I recently wrote about Millennial reading habits. It turns out that they do love books.
This is further supported by a new report by Literary Hub, that highlighted a surprising fact: in 2019, more Americans went to the library than to the movies. At a time when the 2021 US budget seeks to eliminate funding for libraries, this is striking news indeed.
As Dan Sheehan reports, a recent Gallup poll (the first such survey since 2001) found that visiting the local library remains by far the most popular cultural activity for Americans.
And Justin McCarthy of Gallup continues:
Visiting the library remains the most common cultural activity Americans engage in, by far. The average 10.5 trips to the library U.S. adults report taking in 2019 exceeds their participation in eight other common leisure activities. Americans attend live music or theatrical events and visit national or historic parks roughly four times a year on average and visit museums and gambling casinos 2.5 times annually. Trips to amusement or theme parks (1.5) and zoos (.9) are the least common activities among this list.
Two more interesting findings are that women report visiting the library nearly twice as frequently as men do, and that libraries are visited most by adults in low-income households and least by adults in high-income households.
Some other key findings include the following:
- Across nearly all measures, the highest average activity rates are among the 30 to 49 age group, while the lowest are among those 65 and older.
- In general, Americans in high-income households report doing activities the most, while Americans in low-income households participate the least.
- The widest gaps between high- and low-income households are in reports of attending a live sporting event, a live music or theatrical event, a museum, and going to the movie theater — all things often associated with significant ticket prices.
- Conversely, the library — which is free and offers a variety of services including WiFi — is visited most by adults in low-income households and least by adults in high-income households.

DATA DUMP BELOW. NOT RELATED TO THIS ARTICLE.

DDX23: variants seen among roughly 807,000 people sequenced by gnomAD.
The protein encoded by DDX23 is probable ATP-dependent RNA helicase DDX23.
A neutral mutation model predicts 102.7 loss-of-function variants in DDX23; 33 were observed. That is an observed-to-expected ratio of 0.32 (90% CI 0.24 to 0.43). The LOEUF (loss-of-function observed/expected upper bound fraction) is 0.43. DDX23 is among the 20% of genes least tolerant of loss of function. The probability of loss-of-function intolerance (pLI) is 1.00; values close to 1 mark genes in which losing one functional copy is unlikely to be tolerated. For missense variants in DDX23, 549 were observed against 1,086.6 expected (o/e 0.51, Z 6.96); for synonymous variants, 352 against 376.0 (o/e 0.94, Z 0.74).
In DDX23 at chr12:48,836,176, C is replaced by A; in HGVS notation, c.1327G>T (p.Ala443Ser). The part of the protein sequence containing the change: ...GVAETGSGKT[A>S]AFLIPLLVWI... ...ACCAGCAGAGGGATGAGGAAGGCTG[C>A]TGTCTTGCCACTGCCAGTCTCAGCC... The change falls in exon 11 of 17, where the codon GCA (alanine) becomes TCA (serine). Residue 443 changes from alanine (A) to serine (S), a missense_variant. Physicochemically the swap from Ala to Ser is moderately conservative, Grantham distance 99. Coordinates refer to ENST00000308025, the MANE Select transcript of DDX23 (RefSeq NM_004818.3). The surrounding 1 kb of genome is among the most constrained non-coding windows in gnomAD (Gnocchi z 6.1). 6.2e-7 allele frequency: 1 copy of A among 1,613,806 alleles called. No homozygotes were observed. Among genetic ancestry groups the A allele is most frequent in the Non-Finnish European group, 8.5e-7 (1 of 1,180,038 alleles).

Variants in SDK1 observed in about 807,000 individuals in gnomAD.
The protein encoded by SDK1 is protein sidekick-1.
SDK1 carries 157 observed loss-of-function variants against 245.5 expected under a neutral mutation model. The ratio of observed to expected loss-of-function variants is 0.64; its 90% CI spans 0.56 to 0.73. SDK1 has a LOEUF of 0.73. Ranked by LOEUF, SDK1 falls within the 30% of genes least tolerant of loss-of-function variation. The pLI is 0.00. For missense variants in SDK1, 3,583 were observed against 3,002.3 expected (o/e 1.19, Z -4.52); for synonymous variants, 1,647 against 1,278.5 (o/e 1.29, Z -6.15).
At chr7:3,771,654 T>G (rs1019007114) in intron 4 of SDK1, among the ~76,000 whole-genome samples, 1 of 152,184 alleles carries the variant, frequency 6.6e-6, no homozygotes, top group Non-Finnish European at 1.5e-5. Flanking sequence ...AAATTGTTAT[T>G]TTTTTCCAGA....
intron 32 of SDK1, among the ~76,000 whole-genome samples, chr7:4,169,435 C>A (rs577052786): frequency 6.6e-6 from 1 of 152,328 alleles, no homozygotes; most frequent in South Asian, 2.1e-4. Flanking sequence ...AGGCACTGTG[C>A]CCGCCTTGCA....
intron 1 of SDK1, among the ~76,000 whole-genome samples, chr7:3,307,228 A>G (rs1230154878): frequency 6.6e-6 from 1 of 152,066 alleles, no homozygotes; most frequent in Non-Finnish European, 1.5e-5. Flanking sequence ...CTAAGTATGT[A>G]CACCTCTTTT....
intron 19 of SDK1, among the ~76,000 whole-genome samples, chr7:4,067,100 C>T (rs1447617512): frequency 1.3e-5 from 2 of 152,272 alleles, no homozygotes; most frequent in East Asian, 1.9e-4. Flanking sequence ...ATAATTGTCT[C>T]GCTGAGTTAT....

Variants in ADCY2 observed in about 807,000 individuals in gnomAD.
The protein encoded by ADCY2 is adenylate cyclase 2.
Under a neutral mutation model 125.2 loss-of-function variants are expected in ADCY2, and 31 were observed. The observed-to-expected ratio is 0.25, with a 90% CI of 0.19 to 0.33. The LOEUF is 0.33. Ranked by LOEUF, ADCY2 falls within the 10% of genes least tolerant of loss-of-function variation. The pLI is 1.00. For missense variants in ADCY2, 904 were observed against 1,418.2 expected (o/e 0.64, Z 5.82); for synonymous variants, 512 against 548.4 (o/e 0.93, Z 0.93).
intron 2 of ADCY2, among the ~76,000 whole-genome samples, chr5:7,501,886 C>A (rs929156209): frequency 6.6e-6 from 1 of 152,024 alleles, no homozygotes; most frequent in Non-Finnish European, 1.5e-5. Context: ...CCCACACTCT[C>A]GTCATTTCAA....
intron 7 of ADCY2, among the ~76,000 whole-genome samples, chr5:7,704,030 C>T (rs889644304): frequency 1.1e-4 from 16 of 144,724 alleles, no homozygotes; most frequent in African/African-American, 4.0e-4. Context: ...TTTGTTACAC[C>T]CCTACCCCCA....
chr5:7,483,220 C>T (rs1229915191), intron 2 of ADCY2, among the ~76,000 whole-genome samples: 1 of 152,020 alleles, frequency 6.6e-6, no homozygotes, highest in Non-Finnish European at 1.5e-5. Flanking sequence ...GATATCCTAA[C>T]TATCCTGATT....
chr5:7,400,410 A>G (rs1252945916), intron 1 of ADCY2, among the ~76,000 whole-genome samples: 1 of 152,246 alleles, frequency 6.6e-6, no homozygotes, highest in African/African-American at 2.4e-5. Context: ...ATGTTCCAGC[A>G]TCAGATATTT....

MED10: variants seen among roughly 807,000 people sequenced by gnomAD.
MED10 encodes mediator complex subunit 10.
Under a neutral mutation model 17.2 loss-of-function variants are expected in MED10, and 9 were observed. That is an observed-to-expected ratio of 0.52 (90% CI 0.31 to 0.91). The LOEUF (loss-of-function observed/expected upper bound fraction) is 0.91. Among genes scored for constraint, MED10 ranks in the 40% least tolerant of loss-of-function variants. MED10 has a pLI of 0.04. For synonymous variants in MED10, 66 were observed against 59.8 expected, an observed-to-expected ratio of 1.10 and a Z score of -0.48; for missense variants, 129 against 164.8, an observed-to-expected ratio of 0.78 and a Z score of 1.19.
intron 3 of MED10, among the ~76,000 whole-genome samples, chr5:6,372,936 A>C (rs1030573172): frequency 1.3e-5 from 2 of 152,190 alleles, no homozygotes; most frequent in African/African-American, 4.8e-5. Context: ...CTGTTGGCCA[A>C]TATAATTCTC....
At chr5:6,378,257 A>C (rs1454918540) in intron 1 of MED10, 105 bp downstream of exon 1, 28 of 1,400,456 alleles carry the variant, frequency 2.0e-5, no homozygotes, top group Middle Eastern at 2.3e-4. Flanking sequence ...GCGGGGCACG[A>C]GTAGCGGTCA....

- It makes no real difference to library attendance whether families have children under 18 or not.
- The Midwest love their libraries. The South… less so.
The bottom line is that, despite the proliferation of digital-based activities over the past two decades — including digital books, podcasts, streaming entertainment services and advanced gaming — libraries have endured as a place Americans visit nearly monthly on average.
You can see all the data on Gallup’s website. Congratulations to all you librarians out there; keep fighting the good fight!
Wow, that’s a hell of a thing!
We all need a bit of good news 🙂
These are some interesting statistics. Things I didn’t know.
Same here! Thanks for reading, Michelle 🙂
Wow, I find this result really surprising. I live and work in a university community and in my spare time mostly hang out with other writers, so most of my friends are big readers. But the only ones who ever go to the library are those with kids, and not even most of them. This is true even for those of us who spent our childhoods at our local libraries. Yet I have tons of friends who go to the movies on a regular basis. I realize that my social network is a non-representative sample, but I would have thought them to be *more* likely than average to go to the library, not less.
That *is* surprising! Intimacy does breed contempt, I guess 🙂
I have noted this trend myself.
Thanks, Nicholas. This is encouraging news indeed. I have shared it with my socialmedia accounts and also with the hosts of a library fundraiser coming up this month in Wetumpka, Alabama. From Greece to Wetumpka! You are indeed spanning the globe with your inspiring words. Have a wonderful day.
That’s such a sweet thing to say, Iris! Thank you–and many thanks for sharing 😀
I rather suspect that library opening times in the US are more generous than in the UK.
I worked in Redbridge public libraries in another life: in the late 60s, as a Library Assistant, and through the 70s, as a librarian. Our opening times were 9.30 – 8pm on Mon, Tues, Thurs, Fri, and 9.30 – 5pm on Wed and Sat.
Our local library here in Whittlesey is open from 9 to 5pm Mon, Fri; 9 – 1pm Tues, Sat; 9-12 Wed and closed Thurs. The library where I used to work is open for longer, but only because it is now also a gym (!)
Ah, interesting point. As for that last sentence… a gym?!
Of course, libraries generally have a video section. This allows people to borrow films, thereby allowing them to “go to the movies” without leaving home, and without paying a dime for a ticket.
I guess you can also watch movies using the library’s free WiFi…
Interesting statistics! Is there a sub-set recording the main purpose of the library visit ie. are visitors there to borrow books or attend exhibitions or use the computer databases? Thanks
I don’t think so, but you should check the original Gallup poll (link in the post)